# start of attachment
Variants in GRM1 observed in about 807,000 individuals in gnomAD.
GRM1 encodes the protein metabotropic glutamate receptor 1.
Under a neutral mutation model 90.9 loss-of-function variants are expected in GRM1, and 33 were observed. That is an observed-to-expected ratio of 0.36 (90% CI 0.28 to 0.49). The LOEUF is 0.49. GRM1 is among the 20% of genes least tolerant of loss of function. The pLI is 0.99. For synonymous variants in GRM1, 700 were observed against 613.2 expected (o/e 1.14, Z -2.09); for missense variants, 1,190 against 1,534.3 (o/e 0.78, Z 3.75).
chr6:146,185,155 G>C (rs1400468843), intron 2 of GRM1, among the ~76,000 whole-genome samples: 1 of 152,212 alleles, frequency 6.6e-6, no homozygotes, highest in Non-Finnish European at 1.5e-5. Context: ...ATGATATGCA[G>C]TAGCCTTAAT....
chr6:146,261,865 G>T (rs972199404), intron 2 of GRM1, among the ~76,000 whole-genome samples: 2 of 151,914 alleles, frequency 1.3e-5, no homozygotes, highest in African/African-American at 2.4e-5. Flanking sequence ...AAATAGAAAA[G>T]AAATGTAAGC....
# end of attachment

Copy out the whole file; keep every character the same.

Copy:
Variants in GRM1 observed in about 807,000 individuals in gnomAD.
GRM1 encodes the protein metabotropic glutamate receptor 1.
Under a neutral mutation model 90.9 loss-of-function variants are expected in GRM1, and 33 were observed. That is an observed-to-expected ratio of 0.36 (90% CI 0.28 to 0.49). The LOEUF is 0.49. GRM1 is among the 20% of genes least tolerant of loss of function. The pLI is 0.99. For synonymous variants in GRM1, 700 were observed against 613.2 expected (o/e 1.14, Z -2.09); for missense variants, 1,190 against 1,534.3 (o/e 0.78, Z 3.75).
chr6:146,185,155 G>C (rs1400468843), intron 2 of GRM1, among the ~76,000 whole-genome samples: 1 of 152,212 alleles, frequency 6.6e-6, no homozygotes, highest in Non-Finnish European at 1.5e-5. Context: ...ATGATATGCA[G>C]TAGCCTTAAT....
chr6:146,261,865 G>T (rs972199404), intron 2 of GRM1, among the ~76,000 whole-genome samples: 2 of 151,914 alleles, frequency 1.3e-5, no homozygotes, highest in African/African-American at 2.4e-5. Flanking sequence ...AAATAGAAAA[G>T]AAATGTAAGC....